With the coronavirus pandemic entering its third year, it's time for a moment of reckoning. If we want to continue to depend on the Luisas who have kept our schools, hospitals, homes and businesses running, we are going to need to do more to support them.
During the Great Resignation, workers of all ages and experience levels are increasingly ready to walk away from toxic workplaces. The good news is that abuses that were once tolerated are increasingly being seen for what they are: needless, destructive and counterproductive.
Unless your adult child specifically asks you to contact their employer while they're in the hospital, doing so is a huge overreach for a parent. Find ways to provide support without interfering with their care.
During the coronavirus pandemic, employers across the world adopted the flexibility that workers with disabilities have been demanding — with no downturn in productivity. But with a gradual return to normal, many workers with disabilities find themselves still fighting for workplace accommodations.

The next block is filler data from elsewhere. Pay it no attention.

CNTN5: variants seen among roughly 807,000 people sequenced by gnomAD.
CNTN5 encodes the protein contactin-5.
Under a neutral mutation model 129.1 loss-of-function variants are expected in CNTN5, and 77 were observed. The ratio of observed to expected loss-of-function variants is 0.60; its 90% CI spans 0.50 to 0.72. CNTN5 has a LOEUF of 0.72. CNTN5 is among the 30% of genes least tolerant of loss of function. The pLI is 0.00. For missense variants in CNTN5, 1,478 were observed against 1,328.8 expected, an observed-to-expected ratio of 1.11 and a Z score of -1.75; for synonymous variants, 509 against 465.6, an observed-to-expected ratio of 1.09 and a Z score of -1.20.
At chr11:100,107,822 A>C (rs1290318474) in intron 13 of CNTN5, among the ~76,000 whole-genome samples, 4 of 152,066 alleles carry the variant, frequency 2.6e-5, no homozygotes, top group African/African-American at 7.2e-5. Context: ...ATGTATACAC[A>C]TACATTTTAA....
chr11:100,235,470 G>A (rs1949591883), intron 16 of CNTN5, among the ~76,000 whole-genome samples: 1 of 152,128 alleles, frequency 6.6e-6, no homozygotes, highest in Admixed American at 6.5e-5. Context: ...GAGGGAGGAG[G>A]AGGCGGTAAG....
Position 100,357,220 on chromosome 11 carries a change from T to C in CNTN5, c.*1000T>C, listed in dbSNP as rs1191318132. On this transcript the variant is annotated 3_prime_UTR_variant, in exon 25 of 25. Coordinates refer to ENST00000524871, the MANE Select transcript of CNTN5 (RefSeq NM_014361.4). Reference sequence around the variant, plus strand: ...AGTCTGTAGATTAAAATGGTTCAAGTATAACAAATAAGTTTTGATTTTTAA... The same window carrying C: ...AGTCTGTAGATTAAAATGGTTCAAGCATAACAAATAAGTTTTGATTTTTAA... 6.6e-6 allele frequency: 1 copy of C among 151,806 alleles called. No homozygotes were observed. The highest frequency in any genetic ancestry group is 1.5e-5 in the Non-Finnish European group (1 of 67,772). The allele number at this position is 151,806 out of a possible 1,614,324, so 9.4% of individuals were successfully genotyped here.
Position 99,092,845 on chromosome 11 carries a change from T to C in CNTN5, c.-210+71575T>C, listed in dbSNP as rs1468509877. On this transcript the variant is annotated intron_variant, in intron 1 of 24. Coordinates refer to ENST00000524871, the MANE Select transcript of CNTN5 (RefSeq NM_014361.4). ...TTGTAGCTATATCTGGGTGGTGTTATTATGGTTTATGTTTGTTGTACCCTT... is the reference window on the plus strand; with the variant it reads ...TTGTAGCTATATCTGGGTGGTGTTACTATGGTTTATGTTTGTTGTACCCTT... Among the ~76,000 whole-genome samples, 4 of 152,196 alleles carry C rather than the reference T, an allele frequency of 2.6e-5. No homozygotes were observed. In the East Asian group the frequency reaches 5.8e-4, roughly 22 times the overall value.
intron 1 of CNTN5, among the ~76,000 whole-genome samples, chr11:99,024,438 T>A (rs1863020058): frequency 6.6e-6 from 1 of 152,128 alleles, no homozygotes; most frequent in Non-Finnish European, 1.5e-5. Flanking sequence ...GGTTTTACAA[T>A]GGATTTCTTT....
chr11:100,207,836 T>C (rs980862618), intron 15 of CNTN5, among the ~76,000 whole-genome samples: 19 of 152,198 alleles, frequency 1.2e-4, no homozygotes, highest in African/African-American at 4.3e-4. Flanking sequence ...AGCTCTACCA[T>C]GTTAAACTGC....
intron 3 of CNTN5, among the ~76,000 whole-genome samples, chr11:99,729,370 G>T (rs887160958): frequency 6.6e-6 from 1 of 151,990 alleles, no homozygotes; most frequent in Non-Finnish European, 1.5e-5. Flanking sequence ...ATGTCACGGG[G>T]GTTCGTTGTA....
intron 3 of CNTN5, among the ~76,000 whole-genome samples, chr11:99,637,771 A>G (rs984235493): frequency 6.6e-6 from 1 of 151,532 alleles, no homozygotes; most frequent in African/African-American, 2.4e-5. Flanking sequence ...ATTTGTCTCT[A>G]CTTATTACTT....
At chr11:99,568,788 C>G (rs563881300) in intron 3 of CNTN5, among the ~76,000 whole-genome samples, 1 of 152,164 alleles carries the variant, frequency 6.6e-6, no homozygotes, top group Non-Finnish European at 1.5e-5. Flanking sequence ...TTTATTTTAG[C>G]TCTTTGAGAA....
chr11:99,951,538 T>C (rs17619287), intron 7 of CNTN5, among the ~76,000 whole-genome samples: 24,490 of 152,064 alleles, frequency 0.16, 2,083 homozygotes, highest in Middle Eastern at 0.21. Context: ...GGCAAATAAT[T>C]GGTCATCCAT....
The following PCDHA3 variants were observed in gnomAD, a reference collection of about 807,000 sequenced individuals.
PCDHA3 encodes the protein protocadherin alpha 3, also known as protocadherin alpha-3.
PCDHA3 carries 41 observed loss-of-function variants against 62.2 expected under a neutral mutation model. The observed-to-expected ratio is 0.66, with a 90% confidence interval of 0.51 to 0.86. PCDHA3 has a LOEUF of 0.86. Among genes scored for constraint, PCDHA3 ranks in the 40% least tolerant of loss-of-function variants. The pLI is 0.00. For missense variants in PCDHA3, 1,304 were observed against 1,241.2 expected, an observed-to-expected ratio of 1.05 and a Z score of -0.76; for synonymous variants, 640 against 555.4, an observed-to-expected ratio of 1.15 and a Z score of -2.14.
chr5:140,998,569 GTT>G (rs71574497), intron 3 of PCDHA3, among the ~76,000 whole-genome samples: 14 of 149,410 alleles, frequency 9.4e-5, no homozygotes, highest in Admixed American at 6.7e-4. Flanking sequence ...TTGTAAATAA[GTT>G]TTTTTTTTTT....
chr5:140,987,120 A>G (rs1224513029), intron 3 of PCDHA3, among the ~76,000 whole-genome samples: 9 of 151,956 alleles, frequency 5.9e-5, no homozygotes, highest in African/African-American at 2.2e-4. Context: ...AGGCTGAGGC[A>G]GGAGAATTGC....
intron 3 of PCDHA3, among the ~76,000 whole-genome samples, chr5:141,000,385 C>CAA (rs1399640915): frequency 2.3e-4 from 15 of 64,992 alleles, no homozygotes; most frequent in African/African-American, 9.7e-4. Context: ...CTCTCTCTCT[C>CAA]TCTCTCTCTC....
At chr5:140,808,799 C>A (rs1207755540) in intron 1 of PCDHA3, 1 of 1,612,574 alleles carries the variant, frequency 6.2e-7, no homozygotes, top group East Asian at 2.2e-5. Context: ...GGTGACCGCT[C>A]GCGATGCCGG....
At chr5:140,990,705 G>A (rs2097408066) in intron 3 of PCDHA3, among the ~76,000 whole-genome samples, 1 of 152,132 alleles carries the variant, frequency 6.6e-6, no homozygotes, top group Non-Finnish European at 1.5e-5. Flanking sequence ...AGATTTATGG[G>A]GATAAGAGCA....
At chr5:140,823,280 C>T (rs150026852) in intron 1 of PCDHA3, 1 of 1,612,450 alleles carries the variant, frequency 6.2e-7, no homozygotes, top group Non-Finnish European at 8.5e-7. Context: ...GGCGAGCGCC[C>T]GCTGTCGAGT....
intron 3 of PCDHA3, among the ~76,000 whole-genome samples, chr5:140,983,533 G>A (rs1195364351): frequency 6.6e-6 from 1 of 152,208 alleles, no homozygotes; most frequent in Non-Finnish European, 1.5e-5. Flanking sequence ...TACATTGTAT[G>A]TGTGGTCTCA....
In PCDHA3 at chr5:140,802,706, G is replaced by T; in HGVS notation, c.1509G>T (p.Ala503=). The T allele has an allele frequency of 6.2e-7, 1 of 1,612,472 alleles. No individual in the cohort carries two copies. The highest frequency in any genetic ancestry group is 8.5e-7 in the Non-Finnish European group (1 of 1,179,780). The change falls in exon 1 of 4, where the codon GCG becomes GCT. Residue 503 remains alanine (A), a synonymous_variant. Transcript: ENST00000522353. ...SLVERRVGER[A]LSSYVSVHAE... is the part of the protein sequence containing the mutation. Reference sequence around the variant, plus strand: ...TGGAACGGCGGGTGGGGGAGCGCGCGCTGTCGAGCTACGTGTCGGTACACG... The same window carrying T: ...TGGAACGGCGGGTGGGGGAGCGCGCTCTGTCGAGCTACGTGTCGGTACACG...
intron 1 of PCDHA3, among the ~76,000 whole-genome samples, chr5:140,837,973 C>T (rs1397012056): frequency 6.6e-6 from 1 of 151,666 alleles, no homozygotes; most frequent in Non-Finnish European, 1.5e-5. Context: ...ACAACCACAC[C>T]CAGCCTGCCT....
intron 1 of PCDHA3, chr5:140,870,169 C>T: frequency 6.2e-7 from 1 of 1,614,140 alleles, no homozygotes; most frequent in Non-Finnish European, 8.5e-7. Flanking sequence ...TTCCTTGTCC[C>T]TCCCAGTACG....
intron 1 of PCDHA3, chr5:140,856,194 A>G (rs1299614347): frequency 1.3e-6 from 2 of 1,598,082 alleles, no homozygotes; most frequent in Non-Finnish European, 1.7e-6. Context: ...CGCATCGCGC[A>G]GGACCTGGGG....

Although many employees have been leaving their jobs during "The Great Resignation," some have told good stories about things their employers are doing to make them feel trusted, appreciated and supported beyond the paycheck.
While many people are quitting their jobs or taking early retirement in "The Great Resignation," many others are still desperately looking for work after losing their jobs at the start of the coronavirus pandemic. While employers say there is a job shortage, job-seekers say their job applications go unanswered and they feel increasingly like they are surplus to requirements.